It seemed logical that I wouldn’t let the cider apples and perry pears from these orchards go to waste.

CR: Tell us about where you are. Its connection to perry and pear trees. The landscape, terroir and perry culture.

Jérôme: I’m in Torchamp, 4 km from Domfront which lends its name to the AOP. This small zone is famous historically for having a lot of pear trees. Pear trees have a taproot and like deep loam clay soils. Cider and Poiré have always been traditional beverages in this part of the world.

CR: Tell us about some of the pear varieties you work with. How they are to grow and work with and the different flavours they bring? Tell us about any of your favourites.

Jérôme: There are approximately 30 different endemic varieties of pear in the orchards of the farm.

  • Plant de Blanc is the most well known. Minimum 40% required for AOP Domfront production. The pears are small and round and grow in clusters.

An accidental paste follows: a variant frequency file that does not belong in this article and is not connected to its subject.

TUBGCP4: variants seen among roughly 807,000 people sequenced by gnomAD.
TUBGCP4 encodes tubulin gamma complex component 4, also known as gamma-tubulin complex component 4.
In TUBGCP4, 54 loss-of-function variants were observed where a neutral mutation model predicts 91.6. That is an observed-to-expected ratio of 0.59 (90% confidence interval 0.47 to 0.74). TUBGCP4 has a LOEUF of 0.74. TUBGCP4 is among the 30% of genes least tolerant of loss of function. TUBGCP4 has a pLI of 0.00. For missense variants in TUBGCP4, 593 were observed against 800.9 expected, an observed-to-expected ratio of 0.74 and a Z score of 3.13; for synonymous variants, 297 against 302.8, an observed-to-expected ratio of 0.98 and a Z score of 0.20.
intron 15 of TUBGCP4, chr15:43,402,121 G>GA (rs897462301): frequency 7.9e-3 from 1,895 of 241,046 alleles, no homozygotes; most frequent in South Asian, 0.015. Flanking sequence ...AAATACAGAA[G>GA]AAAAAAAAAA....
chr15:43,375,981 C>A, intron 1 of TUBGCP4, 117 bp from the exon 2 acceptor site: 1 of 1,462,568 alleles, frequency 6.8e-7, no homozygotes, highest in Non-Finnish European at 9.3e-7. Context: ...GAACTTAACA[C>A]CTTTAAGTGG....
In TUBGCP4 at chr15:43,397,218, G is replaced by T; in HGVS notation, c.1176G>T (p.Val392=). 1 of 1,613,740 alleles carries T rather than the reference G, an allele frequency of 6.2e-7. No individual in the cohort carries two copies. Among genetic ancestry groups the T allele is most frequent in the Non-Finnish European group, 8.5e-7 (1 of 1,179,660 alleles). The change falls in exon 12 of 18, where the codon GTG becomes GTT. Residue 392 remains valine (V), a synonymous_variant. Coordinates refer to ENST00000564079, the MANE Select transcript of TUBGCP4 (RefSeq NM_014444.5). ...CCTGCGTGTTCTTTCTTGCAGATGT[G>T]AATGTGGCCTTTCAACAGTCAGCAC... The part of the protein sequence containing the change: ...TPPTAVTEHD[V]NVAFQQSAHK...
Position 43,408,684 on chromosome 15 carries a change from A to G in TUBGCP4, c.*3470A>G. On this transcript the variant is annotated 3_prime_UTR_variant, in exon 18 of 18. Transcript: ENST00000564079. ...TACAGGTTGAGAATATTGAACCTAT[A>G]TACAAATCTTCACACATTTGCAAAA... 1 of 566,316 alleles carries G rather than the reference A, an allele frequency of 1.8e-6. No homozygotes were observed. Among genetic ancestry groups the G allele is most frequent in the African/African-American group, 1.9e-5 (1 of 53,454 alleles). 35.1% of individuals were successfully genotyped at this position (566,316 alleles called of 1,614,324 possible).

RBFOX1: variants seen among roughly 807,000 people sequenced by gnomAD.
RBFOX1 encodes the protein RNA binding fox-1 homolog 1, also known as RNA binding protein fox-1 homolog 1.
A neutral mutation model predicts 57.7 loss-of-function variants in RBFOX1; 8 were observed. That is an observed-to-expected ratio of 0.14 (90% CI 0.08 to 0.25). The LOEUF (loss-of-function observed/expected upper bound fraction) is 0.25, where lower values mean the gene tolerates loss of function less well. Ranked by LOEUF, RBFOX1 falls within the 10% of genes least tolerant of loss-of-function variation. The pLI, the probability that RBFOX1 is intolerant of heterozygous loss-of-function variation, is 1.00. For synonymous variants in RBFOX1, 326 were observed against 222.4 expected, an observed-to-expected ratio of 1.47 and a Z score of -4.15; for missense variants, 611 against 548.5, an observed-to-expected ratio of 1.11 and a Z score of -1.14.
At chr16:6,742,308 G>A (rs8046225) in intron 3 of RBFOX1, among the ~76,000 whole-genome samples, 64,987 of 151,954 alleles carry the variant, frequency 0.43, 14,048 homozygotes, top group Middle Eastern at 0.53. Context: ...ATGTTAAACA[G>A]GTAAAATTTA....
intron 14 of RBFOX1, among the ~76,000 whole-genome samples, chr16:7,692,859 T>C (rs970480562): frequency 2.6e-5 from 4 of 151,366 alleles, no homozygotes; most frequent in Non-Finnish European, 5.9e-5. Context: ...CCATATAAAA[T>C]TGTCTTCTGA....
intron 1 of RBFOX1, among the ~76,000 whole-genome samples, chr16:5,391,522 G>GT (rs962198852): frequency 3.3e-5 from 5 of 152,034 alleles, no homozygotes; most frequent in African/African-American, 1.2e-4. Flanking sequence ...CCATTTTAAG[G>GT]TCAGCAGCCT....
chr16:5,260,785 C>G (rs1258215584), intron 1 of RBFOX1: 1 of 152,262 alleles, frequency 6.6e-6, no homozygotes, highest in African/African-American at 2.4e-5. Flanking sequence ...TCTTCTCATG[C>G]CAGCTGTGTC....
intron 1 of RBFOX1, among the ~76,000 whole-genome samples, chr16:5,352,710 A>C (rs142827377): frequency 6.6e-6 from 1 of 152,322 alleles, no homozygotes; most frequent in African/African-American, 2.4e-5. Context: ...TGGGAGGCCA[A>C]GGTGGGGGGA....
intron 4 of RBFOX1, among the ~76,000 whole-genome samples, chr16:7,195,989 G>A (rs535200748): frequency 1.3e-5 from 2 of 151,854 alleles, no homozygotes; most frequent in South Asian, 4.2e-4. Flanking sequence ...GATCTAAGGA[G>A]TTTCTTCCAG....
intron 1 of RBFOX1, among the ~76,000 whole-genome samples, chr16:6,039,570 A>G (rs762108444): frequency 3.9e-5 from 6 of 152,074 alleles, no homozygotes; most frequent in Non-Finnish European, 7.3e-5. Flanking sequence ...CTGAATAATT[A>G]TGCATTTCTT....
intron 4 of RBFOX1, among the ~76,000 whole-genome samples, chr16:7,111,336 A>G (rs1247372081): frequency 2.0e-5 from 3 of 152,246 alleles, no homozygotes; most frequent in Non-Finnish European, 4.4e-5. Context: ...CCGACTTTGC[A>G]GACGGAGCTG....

• Petit Blot and Gaubert are early varieties. They’re sharp and acidic.
  • De Fer and Fossey are both late varieties. De Fer are small and greyish-green when they fall. My fruit picking team nicknamed them « de l’enfer » as they’re hellish to pick and the weather is generally not that great when they fall in late November. Fossey is my favorite variety. Easy to pick. Easily conserved. Properly pear-shaped and pretty to look at.